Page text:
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"Seriously, Mary Sue, you worry me. You do realize that there is a difference - a very BIG difference - between a cool, collected, liberated woman and a violent, self-aggrandizing bitch? I can't get over how many of you girls think that physically abusing men for no reason other than you're annoyed with them makes you look 'cool'. It doesn't. You do realize that punching men for talking to you does not make you look feisty and independent, it makes you look dangerously unhinged and would not serve to endear you to anyone, still less the man you've just punched?"
—From this rant
"Nomi is from the honored society of the 'charming bitch' archetype. Y'know, we like her because she's tough and treats everyone like shit!"
Will somebody do something? Every week he gets worse and nobody does anything!
—Wendy Testaburger, in the South Park episode "Breast Cancer Show Ever
She's a "strong woman" who can take care of herself, and apparently a "strong woman" is someone who is inexplicably hostile and has poor impulse control.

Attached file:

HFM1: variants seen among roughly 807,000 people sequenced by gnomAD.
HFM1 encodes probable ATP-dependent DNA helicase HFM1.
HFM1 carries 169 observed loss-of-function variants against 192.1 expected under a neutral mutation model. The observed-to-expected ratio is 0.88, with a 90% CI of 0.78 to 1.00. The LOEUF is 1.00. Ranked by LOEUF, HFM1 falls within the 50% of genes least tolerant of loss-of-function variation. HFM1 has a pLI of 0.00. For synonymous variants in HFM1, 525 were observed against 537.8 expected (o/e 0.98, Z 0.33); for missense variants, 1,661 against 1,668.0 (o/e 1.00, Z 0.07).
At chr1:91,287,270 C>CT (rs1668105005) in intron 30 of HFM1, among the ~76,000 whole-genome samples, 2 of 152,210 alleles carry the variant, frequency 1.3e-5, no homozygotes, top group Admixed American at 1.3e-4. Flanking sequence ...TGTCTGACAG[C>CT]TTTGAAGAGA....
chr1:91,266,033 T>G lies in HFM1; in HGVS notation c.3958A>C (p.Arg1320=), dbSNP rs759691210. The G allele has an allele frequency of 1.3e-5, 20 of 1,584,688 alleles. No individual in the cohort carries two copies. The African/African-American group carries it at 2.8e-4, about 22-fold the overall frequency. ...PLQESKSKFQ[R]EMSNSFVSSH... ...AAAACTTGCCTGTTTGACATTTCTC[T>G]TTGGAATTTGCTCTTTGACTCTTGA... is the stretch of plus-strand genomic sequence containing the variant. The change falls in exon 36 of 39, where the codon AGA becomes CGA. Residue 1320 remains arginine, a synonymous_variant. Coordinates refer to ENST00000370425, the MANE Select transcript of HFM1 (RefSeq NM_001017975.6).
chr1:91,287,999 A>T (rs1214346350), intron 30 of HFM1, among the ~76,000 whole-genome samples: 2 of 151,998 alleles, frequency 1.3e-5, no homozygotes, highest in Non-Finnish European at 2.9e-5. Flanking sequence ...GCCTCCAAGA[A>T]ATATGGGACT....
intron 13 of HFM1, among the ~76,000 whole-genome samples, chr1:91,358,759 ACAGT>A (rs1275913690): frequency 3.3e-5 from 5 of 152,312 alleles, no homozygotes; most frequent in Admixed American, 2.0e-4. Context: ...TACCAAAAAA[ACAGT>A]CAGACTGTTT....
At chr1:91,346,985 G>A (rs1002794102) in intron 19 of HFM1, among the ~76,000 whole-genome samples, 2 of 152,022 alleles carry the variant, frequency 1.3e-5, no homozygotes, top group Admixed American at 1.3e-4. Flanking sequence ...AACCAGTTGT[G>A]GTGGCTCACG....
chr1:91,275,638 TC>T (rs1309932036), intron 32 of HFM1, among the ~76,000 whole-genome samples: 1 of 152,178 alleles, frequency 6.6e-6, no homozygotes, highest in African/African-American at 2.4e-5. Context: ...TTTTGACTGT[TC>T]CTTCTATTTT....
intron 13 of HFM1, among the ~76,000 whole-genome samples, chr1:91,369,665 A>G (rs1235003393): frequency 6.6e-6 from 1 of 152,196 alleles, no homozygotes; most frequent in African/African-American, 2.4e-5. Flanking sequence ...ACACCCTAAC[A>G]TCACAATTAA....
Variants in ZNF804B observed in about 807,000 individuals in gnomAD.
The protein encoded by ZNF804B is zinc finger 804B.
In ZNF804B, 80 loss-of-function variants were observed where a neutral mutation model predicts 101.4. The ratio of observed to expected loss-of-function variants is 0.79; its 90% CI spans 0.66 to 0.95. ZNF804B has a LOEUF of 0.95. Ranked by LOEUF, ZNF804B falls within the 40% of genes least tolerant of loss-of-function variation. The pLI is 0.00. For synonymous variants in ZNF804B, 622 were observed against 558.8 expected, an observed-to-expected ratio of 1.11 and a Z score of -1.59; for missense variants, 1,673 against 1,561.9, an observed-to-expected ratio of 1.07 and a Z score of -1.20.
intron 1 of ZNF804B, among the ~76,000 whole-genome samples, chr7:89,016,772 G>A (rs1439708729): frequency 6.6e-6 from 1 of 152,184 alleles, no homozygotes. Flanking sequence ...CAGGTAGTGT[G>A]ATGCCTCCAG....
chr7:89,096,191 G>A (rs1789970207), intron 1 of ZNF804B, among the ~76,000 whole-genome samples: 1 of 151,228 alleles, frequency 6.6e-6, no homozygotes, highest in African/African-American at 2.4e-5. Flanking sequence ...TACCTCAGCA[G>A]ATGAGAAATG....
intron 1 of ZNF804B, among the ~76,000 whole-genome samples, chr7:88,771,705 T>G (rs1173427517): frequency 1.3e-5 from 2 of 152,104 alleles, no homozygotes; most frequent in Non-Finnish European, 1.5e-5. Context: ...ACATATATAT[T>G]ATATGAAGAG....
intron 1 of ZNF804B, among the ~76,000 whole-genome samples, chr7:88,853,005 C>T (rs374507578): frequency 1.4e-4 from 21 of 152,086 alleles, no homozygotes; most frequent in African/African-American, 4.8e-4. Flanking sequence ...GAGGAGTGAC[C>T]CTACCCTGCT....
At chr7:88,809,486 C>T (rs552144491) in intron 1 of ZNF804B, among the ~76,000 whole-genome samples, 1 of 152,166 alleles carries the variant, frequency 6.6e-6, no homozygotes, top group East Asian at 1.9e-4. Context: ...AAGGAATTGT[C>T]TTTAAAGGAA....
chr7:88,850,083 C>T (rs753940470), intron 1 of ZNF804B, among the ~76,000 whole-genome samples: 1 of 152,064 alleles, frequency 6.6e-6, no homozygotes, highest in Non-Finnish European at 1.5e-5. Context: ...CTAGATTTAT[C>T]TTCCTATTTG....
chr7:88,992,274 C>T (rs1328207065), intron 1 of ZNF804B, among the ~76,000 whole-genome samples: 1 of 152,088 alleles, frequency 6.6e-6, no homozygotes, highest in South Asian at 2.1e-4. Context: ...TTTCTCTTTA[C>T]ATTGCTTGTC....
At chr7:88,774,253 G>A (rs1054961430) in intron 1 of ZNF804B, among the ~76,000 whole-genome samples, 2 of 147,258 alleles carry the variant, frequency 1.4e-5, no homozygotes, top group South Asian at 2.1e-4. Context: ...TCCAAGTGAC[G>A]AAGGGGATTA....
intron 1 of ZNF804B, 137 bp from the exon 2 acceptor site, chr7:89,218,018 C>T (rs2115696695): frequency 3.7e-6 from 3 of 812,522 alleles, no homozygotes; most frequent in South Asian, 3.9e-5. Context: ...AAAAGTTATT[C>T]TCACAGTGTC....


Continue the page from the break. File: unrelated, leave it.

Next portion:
The essential story structure of a Macho Sue tends to revolve around untouchable pride. If love means never having to say you're sorry, being Macho Sue means the whole of reality loves you. Typically, Macho Sue's storyline follows a certain trajectory: he begins by acting egregiously, picking or provoking fights and causing problems. However much the ensuing difficulties can be laid at his door, Macho Sue is not about to apologise, in any way. So the problems continue - only to be salvaged by some immense reversals that give the impression that he was right all along. The man he insulted turns out, suddenly, to be a bad guy. The woman who dislikes him falls into his strong arms when he solves a problem that is not the same problem he caused for her. People change their personalities, storylines shift and flip like a mechanical maze popping up new paths and lowering old gates in order to keep Macho Sue from ever, ever having to backtrack. As John Wayne says, "Never say sorry - it's a sign of weakness."

(...)the dominant feature of Macho Sue is that his arrogance and unwillingness to listen to others often create at least half the problems of the early part of the story, and the rest of the story involves, somehow, proving that the problems he created weren't really problems at all. Which is something of a non-story: things happened! Oh, but not really. An alternative narrative is that Macho Sue behaves like a complete wanker for most of the story, then pulls off some feat that's considered so impressive that everyone conveniently forgets what an ass he is.
Kit Whitfield, from the article "Macho Sue"
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